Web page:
New Mexico's Pet Resource SPRING 2004



By Richard "The Bugman" Fagerlund

What is man without the beasts? If all the beasts were gone, men would die from great loneliness of spirit, for whatever happens to the beasts also happens to man. All things are connected. Whatever befalls the earth befalls the children of the earth.
- Chief Seattle

People always ask me if I am against the use of pesticides. My answer is “No, of course not.” Pesticides have a role to play in our society. However, that role is often abused and misused to the detriment of the environment and society.

In Rachel Carson’s book, “Silent Spring”, she warned us about the problems that widespread use of chemical pesticides would cause. As a direct result of her effort, President Richard Nixon created the Environmental Protection Agency (EPA) in 1970 and, ultimately, DDT was banned in 1972. Nevertheless, our use of pesticides is growing exponentially every year. We use more than twice as many pesticides now than we did in 1962 when “Silent Spring”was published.

Pesticides are used in almost all public buildings, offices, golf courses, schools, food establishments, hotels, motels, hospitals and private homes as well as in agriculture. Residues in our food and environment reflectmany years of pesticide usage. There are continuing problems with runoff from agricultural applications, ground water contamination and disposal of unused pesticides as hazardous waste.

A major use (or misuse) of pesticides is in treating cotton for pests. Consider that at least nine pests, (boll weevils, tobacco budworms, cotton aphids, cotton fleahoppers, cotton leafworms, cotton leaf-perforators, lygus bugs, pink bollworms and thrips), do serious damage to cotton. Then consider that over two dozen pesticides are used, or have been used on cotton to control those pests. This should make anyone afraid to wear cotton shorts!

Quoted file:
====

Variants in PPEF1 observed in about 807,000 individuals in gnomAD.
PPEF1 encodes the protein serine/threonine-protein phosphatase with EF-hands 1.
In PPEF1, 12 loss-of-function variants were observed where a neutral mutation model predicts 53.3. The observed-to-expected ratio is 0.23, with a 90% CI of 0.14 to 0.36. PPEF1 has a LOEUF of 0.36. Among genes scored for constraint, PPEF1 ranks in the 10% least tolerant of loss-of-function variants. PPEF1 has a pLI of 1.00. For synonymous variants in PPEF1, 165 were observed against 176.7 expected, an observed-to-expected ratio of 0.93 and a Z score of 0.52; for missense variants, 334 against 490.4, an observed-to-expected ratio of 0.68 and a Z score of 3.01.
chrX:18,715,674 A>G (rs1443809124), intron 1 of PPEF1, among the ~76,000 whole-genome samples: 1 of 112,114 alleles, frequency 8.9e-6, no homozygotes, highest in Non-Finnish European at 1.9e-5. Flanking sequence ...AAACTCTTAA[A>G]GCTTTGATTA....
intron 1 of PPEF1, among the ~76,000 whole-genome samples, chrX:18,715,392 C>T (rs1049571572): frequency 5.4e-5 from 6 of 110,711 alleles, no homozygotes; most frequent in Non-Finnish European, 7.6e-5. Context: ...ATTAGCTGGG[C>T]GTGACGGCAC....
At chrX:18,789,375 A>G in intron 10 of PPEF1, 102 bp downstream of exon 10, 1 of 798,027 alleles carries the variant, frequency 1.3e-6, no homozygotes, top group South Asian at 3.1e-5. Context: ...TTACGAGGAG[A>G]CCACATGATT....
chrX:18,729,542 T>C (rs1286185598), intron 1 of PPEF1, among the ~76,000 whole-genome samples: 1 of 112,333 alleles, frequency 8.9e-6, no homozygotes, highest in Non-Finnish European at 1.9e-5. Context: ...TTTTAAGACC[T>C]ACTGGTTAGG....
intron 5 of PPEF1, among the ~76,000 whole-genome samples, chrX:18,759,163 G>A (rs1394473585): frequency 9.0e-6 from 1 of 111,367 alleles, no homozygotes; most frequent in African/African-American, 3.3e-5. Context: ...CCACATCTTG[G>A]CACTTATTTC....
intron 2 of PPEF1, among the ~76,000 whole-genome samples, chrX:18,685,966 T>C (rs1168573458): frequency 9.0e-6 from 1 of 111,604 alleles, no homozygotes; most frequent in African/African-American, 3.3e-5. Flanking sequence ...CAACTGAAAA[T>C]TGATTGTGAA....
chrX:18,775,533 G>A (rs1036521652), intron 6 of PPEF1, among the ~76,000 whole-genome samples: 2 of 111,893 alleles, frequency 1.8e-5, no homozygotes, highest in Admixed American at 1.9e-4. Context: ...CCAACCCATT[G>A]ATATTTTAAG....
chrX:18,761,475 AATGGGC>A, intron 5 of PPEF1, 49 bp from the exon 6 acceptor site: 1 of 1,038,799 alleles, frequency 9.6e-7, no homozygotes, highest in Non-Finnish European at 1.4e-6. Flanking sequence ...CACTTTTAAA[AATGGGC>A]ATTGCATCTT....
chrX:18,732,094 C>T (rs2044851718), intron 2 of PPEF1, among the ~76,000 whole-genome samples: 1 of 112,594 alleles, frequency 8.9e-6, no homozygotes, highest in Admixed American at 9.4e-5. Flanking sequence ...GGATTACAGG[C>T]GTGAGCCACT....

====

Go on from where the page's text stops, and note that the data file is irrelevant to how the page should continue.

Now consider that only two pests (the European corn borer and hempborer) are serious pests on hemp and they generally don’t require any pesticides to control. Many other insects feed on hemp, but they only do minimal damage and do not require pesticides.

Having considered the two statements above, you have to wonder why hemp is not grown all over the country, as it would be a very valuable crop. Hemp is an herbaceous annual with a woody stem and reaches a height of 19 feet. Hemp stalks have a woody core surrounded by a bark layer containing long fibers. Hemp breeders have developed varieties with increased stem fiber content and decreased levels of delta-9-tetrahydro-cannibol (THC), the psychoactive chemical in marijuana--and therein lies the problem. But that is another column.

One of the problems with pesticides is that we are exposed to them without knowing it. Many buildings, including schools, receive pesticide applications prior to or during occupation by people. It is absurd that we don’t allow smoking in public buildings so we won’t get exposed to secondhand smoke, but we allow pesticides to be sprayed which can do as much damage as secondhand cigarette smoke.

We are making headway on this issue. Mayor Chavez, to his credit, has instructed his Environment and Parks and Recreation Departments to post notices prior to any pesticide use on city property and prior to any mosquito spraying if spraying is necessary (and it shouldn’t be). He is also eliminating pesticide use at the city animal shelters. I will be working with the shelters to help them control bugs without using toxic pesticides.